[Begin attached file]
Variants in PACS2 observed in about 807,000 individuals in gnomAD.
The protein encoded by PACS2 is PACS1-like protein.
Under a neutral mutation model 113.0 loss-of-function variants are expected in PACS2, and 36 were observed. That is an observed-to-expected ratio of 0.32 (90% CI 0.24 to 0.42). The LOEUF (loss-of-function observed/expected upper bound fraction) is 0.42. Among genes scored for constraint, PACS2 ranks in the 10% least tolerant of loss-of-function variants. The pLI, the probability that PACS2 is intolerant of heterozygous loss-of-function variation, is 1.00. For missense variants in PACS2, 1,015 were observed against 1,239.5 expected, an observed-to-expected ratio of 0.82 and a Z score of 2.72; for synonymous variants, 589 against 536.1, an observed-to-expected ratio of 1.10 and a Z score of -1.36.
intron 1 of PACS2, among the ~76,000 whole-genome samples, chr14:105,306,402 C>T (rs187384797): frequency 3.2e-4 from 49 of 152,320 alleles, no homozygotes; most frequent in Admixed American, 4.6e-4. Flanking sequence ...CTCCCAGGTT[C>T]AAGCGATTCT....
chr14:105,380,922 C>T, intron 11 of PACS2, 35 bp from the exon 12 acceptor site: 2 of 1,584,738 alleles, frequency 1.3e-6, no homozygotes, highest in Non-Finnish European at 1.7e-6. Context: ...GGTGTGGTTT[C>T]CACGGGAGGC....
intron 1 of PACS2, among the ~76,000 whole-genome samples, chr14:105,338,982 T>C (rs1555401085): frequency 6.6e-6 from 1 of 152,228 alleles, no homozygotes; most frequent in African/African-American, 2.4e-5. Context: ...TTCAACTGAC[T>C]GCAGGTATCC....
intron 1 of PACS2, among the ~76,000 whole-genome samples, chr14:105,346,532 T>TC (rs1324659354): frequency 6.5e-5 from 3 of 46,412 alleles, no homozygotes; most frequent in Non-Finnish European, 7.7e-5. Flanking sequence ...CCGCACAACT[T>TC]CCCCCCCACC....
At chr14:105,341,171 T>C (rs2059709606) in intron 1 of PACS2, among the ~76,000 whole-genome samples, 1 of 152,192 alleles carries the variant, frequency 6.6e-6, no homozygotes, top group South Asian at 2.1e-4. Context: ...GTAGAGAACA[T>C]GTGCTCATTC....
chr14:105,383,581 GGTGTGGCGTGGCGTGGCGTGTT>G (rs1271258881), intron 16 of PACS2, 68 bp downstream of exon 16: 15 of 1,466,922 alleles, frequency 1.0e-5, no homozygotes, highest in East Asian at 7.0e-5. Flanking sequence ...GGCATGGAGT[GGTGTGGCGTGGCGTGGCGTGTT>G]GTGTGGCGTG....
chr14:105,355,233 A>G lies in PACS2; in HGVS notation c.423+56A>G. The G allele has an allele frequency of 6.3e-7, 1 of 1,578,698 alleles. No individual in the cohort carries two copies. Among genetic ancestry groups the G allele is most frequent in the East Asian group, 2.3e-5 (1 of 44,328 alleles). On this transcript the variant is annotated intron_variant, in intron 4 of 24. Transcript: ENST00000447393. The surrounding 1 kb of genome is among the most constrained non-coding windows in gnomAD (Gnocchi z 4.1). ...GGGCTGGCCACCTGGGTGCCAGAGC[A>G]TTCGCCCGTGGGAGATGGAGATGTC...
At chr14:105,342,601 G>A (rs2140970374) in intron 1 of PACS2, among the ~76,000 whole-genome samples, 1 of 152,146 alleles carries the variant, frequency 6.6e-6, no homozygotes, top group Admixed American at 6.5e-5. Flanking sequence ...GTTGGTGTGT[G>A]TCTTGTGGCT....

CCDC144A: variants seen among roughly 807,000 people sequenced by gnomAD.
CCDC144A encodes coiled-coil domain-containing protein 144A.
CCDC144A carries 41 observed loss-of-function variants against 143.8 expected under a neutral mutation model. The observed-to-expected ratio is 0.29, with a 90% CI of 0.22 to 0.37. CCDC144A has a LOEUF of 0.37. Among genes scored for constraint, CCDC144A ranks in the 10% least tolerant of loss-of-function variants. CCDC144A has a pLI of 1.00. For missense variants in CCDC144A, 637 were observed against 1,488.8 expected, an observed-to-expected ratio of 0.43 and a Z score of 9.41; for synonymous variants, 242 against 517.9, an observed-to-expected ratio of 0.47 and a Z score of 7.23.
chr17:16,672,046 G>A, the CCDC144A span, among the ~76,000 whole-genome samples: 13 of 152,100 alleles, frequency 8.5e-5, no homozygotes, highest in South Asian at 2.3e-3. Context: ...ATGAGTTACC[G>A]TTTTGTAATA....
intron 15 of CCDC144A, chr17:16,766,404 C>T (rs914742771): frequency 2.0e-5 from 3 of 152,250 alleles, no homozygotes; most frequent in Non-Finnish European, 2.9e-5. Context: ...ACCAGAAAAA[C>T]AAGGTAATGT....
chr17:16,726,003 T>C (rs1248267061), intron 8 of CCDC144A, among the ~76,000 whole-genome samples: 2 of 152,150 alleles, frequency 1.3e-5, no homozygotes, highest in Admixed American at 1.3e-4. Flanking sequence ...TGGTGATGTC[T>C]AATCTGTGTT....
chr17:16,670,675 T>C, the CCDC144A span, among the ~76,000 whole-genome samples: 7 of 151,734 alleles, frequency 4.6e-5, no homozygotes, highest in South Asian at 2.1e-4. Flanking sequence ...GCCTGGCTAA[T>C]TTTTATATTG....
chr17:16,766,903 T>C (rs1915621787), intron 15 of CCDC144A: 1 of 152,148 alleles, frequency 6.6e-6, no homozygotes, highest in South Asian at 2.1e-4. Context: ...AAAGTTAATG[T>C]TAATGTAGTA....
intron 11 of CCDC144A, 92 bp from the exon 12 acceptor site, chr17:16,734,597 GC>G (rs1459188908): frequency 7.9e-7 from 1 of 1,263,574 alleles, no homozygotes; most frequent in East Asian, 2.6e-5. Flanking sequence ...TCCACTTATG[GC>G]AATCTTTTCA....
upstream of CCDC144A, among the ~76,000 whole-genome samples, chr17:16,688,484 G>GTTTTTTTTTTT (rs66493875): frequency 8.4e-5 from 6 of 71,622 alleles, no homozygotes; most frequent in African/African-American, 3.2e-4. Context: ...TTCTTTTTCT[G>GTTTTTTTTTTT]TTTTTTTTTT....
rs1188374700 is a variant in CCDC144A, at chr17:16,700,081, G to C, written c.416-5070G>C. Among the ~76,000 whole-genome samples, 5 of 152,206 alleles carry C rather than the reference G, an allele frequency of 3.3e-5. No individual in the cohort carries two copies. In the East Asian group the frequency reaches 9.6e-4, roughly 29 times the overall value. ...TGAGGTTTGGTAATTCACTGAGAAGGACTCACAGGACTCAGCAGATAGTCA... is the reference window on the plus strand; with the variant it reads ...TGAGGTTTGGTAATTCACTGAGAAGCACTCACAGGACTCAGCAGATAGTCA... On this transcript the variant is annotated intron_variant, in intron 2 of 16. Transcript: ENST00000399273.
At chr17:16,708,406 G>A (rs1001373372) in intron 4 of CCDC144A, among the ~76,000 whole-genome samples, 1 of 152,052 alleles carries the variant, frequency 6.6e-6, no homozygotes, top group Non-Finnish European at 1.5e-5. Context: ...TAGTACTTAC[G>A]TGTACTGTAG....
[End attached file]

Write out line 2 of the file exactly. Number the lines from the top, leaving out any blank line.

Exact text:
The protein encoded by PACS2 is PACS1-like protein.